When you think about a grand church or cathedral, would you ever expect walls lined with bones? Ossuaries exist throughout the world. And while you might think of them as creepy, or at least a bit odd, they do serve a purpose.
Ossuary design in architecture might seem more than a little questionable to someone with a Western mindset. But they’re a part of history that tells an important tale. Here are some of the most exceptional examples, in case you need some travel and tourism inspiration.
Sedlec Ossuary, Czech Republic
Sedlec Ossuary in the Czech Republic barely gives anything away from the outside. In fact, it looks like another traditional house of worship. But through its doors, you’ll find stylized arrangements of bones that are nothing short of extraordinary.
The story of Sedlec Ossuary begins in 1278, when a church abbot, Henry, brought back some earth from a pilgrimage to a presumed place of Jesus’ burial. He used the dirt to consecrate the Sedlec cemetery, which made that an extremely popular burial ground. Ultimately, popularity meant that the cemetery could hold no more. And so the excavation began.
In about 1511, according to Weburbanist, bones were dug up. And then in 1870, a local artisan was procured to make something creative from the bones to decorate the church interior. You’ll see an extraordinary bone chandelier, a bone coat of arms, bone crosses, and a virtual sea of bone throughout this remarkable church.
Capuchin Crypt, Rome, Italy
At least the Capuchin Crypt sounds more like a spot to find human bones. But they’re not tucked away inside coffins. The Santa Maria della Concezione dei Cappuccini church in Rome stands above the Capuchin Crypt, which houses several small chapels inside.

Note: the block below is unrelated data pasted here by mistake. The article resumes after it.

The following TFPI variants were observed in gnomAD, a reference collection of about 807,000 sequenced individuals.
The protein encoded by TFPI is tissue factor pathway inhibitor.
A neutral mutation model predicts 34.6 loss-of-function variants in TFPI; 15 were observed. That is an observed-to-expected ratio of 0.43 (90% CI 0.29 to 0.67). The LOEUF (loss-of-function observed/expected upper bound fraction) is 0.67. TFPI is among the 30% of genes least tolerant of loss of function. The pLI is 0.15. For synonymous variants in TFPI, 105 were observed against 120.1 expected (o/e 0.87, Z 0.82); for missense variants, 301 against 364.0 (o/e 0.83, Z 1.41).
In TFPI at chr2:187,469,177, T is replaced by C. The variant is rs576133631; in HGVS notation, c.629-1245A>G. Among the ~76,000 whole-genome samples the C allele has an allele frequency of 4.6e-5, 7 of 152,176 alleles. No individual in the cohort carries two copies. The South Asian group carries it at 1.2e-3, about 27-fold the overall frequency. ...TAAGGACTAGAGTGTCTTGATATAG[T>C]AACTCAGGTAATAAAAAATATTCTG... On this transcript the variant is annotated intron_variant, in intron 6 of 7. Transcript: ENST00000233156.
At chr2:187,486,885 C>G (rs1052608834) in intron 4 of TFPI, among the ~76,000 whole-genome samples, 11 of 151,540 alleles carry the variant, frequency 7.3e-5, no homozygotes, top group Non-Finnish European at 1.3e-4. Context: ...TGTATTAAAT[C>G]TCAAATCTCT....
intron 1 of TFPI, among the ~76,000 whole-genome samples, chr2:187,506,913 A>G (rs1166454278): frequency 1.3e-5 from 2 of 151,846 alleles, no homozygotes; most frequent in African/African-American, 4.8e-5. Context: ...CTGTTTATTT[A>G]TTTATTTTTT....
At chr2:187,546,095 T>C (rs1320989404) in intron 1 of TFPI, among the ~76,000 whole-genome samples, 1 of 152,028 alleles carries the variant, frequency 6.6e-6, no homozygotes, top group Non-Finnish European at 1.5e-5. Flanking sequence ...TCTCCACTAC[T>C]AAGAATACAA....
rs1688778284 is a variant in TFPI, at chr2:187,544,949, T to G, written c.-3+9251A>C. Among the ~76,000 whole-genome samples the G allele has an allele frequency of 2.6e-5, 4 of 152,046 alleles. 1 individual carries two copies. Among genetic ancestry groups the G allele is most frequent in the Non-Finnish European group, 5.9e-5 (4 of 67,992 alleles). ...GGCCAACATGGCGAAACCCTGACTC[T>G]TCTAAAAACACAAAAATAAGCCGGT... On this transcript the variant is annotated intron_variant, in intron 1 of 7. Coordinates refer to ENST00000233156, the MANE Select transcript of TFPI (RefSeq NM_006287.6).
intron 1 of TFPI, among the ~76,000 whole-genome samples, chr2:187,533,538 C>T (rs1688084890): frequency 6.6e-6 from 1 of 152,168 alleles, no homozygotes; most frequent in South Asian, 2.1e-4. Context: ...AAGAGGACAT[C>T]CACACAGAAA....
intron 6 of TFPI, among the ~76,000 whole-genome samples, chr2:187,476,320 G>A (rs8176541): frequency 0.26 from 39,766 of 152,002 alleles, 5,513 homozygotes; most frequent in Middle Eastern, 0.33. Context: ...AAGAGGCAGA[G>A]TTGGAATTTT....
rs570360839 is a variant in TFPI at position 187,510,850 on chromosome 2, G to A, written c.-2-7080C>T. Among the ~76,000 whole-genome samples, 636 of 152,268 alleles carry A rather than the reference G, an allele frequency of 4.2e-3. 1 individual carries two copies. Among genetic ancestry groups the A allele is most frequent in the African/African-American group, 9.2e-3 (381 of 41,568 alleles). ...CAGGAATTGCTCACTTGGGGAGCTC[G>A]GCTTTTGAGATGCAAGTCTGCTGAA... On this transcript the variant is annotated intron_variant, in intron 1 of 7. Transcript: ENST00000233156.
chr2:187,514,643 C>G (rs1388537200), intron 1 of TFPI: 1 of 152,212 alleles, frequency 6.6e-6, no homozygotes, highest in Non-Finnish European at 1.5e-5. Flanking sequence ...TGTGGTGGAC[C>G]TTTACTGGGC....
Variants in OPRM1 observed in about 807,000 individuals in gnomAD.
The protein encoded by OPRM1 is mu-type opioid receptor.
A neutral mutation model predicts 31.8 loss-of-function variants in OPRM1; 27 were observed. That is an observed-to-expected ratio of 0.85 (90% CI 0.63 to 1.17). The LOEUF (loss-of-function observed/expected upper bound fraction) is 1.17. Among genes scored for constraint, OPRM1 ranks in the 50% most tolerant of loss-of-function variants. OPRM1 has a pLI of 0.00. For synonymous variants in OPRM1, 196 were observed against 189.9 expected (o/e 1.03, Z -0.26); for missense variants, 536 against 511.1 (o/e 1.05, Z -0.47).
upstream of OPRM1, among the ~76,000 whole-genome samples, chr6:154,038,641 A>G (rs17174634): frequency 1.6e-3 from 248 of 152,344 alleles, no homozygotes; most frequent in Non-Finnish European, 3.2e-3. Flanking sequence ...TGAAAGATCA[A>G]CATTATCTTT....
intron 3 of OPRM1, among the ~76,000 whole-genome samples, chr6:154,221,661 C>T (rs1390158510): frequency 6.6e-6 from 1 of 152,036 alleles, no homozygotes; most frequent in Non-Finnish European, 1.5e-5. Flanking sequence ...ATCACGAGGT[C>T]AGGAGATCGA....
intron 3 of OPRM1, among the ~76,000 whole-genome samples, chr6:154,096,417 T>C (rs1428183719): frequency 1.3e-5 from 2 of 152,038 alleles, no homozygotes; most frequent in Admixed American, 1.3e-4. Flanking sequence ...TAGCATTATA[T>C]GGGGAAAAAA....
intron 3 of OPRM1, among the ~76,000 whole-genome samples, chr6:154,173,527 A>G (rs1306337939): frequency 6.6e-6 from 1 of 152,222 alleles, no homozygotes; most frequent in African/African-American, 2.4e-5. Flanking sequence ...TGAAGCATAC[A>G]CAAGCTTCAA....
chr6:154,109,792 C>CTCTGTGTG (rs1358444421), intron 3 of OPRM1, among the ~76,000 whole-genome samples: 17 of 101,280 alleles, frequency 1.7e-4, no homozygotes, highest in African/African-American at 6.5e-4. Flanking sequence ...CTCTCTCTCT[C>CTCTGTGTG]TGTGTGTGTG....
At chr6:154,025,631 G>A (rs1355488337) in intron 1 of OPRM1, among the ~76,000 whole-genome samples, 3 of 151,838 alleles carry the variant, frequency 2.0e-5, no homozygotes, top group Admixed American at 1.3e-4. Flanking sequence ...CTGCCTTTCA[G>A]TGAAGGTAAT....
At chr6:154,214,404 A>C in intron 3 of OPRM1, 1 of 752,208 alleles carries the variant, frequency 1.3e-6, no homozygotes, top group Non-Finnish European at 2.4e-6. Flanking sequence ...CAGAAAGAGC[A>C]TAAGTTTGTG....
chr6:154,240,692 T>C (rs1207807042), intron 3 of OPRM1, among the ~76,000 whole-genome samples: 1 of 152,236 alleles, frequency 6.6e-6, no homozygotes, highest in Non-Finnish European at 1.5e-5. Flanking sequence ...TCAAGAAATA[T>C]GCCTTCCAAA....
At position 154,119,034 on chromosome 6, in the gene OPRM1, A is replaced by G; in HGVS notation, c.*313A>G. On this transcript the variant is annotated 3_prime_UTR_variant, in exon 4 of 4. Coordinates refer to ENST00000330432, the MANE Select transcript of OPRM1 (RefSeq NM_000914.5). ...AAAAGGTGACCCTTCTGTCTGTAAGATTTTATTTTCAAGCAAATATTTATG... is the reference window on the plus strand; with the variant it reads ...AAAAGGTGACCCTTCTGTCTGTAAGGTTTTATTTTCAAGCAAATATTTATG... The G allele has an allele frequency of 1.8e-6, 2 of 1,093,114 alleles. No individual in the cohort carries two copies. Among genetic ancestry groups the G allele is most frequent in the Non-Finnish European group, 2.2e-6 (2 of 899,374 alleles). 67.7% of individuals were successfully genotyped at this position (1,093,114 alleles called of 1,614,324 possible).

The Capuchin Crypt’s current skeletal design began in 1631, when arriving monks brought with them the bones of deceased friars. Three hundred cartloads of them, to be exact.
As monks and friars died, older bones would be exhumed to make burial space for the most recent dearly departed. Architect magazine explains that Roman indigent children were later added to the crypt, and in 30-year rotations the bones were arranged in interesting, if macabre, ways.
Capela dos Ossos, Evora, Portugal
As ossuaries go, the Cappella dos Ossos in Portugal has little competition. Virtually no space is uncovered and unadorned by the skeletal remains of former Evora residents. The story of this church, also known as Chapel of Bones, is a little more grim than the others.
During the 16th century, Cappella dos Ossos was instituted to handle the overwhelming volume of remains from cemeteries in the area. Because presumably any church needs a reason to display bones, even in an artistic way, the purpose of this chapel is to remind the living that all things come to an end.
Among the extraordinary bone-lined walls are two figures that rather defy the church’s assertion that their display isn’t to scare its visitors. The skeletons of a man and a young boy hang by chains. Local legend has it that they mistreated the mother of the family, and were cursed for it.
Ossuaries might be a cultural thing. It’s hard to imagine any house of worship in an American neighborhood digging up its cemetery residents to add a little flair indoors. There’s always another cemetery down the street with enough space to accept new residents, so that’s not a good reason, either. But that’s not true everywhere you go.
Ossuaries developed for different purposes. Some needed a way to honor the dead. Some needed space available for new generations to come, even when burial space was limited. All served to solve a problem. And that’s what architecture in any culture does best.
You might not find human bones on your materials list any time soon, but the ossuaries of the world stand as a reminder than thinking outside the box isn’t really a new idea at all.
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